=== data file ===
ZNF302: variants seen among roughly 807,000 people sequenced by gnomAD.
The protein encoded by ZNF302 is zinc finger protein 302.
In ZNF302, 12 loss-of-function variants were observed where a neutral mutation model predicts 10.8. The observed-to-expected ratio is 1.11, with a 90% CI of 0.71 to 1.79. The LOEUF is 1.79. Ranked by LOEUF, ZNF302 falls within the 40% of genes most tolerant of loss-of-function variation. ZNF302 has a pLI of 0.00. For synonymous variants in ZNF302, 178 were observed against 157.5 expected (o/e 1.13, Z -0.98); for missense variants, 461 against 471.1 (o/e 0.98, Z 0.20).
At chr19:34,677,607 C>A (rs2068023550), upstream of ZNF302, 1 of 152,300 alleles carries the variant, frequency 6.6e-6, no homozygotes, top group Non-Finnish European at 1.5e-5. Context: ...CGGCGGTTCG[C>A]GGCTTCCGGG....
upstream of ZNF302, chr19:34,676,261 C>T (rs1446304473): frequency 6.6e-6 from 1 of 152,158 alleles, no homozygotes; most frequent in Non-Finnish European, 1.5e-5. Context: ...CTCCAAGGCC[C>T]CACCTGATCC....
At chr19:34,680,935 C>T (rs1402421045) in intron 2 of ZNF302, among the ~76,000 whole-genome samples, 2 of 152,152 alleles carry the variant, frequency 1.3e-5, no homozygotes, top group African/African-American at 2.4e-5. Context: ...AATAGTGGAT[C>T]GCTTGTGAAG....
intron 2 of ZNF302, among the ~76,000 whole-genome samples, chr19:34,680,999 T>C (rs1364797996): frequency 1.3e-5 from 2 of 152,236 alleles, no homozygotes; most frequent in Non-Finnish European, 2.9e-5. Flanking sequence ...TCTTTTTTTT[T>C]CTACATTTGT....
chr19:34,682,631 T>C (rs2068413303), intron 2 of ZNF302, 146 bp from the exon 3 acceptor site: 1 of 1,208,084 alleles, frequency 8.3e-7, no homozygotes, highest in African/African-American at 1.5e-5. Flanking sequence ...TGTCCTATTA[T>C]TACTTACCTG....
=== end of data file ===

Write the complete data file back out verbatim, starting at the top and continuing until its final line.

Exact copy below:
ZNF302: variants seen among roughly 807,000 people sequenced by gnomAD.
The protein encoded by ZNF302 is zinc finger protein 302.
In ZNF302, 12 loss-of-function variants were observed where a neutral mutation model predicts 10.8. The observed-to-expected ratio is 1.11, with a 90% CI of 0.71 to 1.79. The LOEUF is 1.79. Ranked by LOEUF, ZNF302 falls within the 40% of genes most tolerant of loss-of-function variation. ZNF302 has a pLI of 0.00. For synonymous variants in ZNF302, 178 were observed against 157.5 expected (o/e 1.13, Z -0.98); for missense variants, 461 against 471.1 (o/e 0.98, Z 0.20).
At chr19:34,677,607 C>A (rs2068023550), upstream of ZNF302, 1 of 152,300 alleles carries the variant, frequency 6.6e-6, no homozygotes, top group Non-Finnish European at 1.5e-5. Context: ...CGGCGGTTCG[C>A]GGCTTCCGGG....
upstream of ZNF302, chr19:34,676,261 C>T (rs1446304473): frequency 6.6e-6 from 1 of 152,158 alleles, no homozygotes; most frequent in Non-Finnish European, 1.5e-5. Context: ...CTCCAAGGCC[C>T]CACCTGATCC....
At chr19:34,680,935 C>T (rs1402421045) in intron 2 of ZNF302, among the ~76,000 whole-genome samples, 2 of 152,152 alleles carry the variant, frequency 1.3e-5, no homozygotes, top group African/African-American at 2.4e-5. Context: ...AATAGTGGAT[C>T]GCTTGTGAAG....
intron 2 of ZNF302, among the ~76,000 whole-genome samples, chr19:34,680,999 T>C (rs1364797996): frequency 1.3e-5 from 2 of 152,236 alleles, no homozygotes; most frequent in Non-Finnish European, 2.9e-5. Flanking sequence ...TCTTTTTTTT[T>C]CTACATTTGT....
chr19:34,682,631 T>C (rs2068413303), intron 2 of ZNF302, 146 bp from the exon 3 acceptor site: 1 of 1,208,084 alleles, frequency 8.3e-7, no homozygotes, highest in African/African-American at 1.5e-5. Flanking sequence ...TGTCCTATTA[T>C]TACTTACCTG....